On the far left was beer on draft. I’d simply gone to a growler fill and filled my 3 gallon Corny Keg and recarbonated. The next drink was one I made up featuring Rittenhouse Rye, lemon, apple cider, Aperol, and mulled simple syrup.
We had my homemade ginger beer on draft for mule variants, including my brown butter dark and stormy. We had Jack Rudy tonic force-carbonated in another keg.
The last two were cocktails. One is Chartreuse and root beer. It was an idea I’d gotten from Chris at A Bar Above (I think) and have been playing with for a long time. For this version, which is by far the best, by the way, I used:
1.5 oz. Chartreuse
1 oz. Monin Rootbeer Syrup
5 oz. Water
1 dash orange bitters
I scaled that up to a few gallons using my handy dandy cocktail calculator then force carbonated at 32 PSI at about 28F. Do yourself a favor and let this one rest a day. I made some to test and tried it day of, and it tasted like it needed more orange bitters and Chartreuse. Then I tossed the rest back in my fridge and forgot about it until Heather came over a couple days later. I tasted it again then and it was magically the greatest drink of all time.
The last tap was my carbonated serrano margarita. Maybe I’ll explain the recipe for that one some time in the future. It’s a blog post in and of itself.
Here’s the full menu:
#1. Detach gas lines from kegs before driving down the road. Turns out liquid can back up into the gas lines, and from there up into your distributors and regulator from the sloshing. I spent the first half-hour trying to unjam the kegs as a result. One of them got halfway empty and never flowed again.
#2. Keep your tap lines accessible. Ours are hidden behind the bar and wrapped in insulation. It’s a bitch to get to them and if something jams, I’m screwed. (I don’t think I need glycol, the stuff never sits around enough to get cold, but if it starts foaming due to temp I might build an air-cooled system. I don’t anticipate having to do so though, insulation should be good enough.)
#3. Move the CO2 tanks outside of the refrigerator. I had not accounted for the fact that I’d have extra kegs that needed to stay cold, so room in there was at a premium. I’m going to drill holes in the right for two lines, and set up quick disconnects in the fridge so I can easily swap out distributors. That’ll make the whole thing much more organized and easy to troubleshoot if something goes wrong.
#4. Test the Airstream with a non-contact tester before every event. This didn’t happen at the party but later at my house, thankfully. My house is really old and my garage has a GFCI in it into which I plug the camper. You’d think that’d make it safe, and it probably would if whatever idiot wired it decades ago hadn’t had current coming out of the grounding wire. An Airstream isn’t grounded because it sits on big rubber tires. And the shell is highly conductive. So it zapped me. You just never know what you’re going to be plugging into, and if an electrical source is wired wrong a customer could get seriously injured!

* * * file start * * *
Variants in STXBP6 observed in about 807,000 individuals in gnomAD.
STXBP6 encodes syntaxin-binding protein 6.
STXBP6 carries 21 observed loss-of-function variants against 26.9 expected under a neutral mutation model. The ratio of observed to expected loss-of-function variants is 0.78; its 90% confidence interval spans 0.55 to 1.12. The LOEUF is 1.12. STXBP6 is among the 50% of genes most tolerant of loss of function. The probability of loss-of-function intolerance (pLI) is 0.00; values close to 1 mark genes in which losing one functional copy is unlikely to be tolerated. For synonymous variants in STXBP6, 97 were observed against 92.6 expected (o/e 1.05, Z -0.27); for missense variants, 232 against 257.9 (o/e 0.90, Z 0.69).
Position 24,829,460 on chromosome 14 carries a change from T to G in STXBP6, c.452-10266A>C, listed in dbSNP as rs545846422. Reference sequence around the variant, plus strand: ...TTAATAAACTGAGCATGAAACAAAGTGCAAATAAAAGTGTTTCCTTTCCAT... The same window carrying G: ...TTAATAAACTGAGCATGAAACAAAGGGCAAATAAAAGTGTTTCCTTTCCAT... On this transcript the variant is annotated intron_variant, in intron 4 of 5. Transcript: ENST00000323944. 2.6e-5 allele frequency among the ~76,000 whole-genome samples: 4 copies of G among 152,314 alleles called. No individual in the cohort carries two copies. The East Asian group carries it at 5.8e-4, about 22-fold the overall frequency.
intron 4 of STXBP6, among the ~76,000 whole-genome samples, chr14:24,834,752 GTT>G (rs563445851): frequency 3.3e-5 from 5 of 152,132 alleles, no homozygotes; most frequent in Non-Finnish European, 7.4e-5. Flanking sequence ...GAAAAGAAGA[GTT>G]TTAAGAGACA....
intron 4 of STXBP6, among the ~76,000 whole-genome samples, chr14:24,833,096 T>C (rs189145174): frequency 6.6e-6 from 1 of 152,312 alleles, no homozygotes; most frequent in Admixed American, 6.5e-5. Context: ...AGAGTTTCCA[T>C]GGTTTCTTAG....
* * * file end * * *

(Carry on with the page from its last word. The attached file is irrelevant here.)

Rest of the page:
#5. People really love home-made ginger beer. It was like half the drinks that walked out. I’ll account for that at future events. I was a little worried that my menu was a little too hardcore for casual cocktail fans. Not so. I think I sold one drink with tonic in it the whole time. I’ll probably repurpose the remaining case of Jack Rudy for a special drink, like an Elderflower G&T on draft, and use one more cocktail and one fewer mixer generally.
#6. I should have spent more time calculating the PSI needed before I ordered the parts. The lines were 12’ long, plus there’s a 2 foot rise, and that’s too much resistance for 3/16” ID line. I had to pump it out at about 35-40 PSI. Good thing I never had to use my personal remanufactured ball lock keg, it vents around there. (Note to self, fix that.) Our new ones don’t even seem to vent at 55, which is the highest I’ve taken them, but still. I couldn’t figure out why the beer wasn’t flowing well when the event started, turns out I was just way off on that.
The shaken drink on draft relies on a lot of pressure forcing it through the stout faucet. At home on my personal equipment, 30 PSI gets a great drink. That’s about 22 PSI more than I’d serve a carbonated drink at. I couldn’t even get the Fireside up near that, so it ended up with a texture I wasn’t 100% happy with. Still tasted good but wasn’t perfect. So I’m switching to 1/4” ID line. That’ll let me drop the pressure way down to about 8.
Anyway, I would say overall the party was a success. The drinks were really good. When the taps jammed I spent a half hour fixing them, but we got through it. I then spent two hours wanting to go behind a shed and cry! But I muscled through that too. And then it was over.
I’m pretty optimistic about our venture. We’ve now cleared most of the major hurdles that were worrying me. I’ve got another venture I’m working on to go right alongside it too. And I’m going to greatly improve the batching app. And I’m even working on a book about batching drinks too. So stay tuned.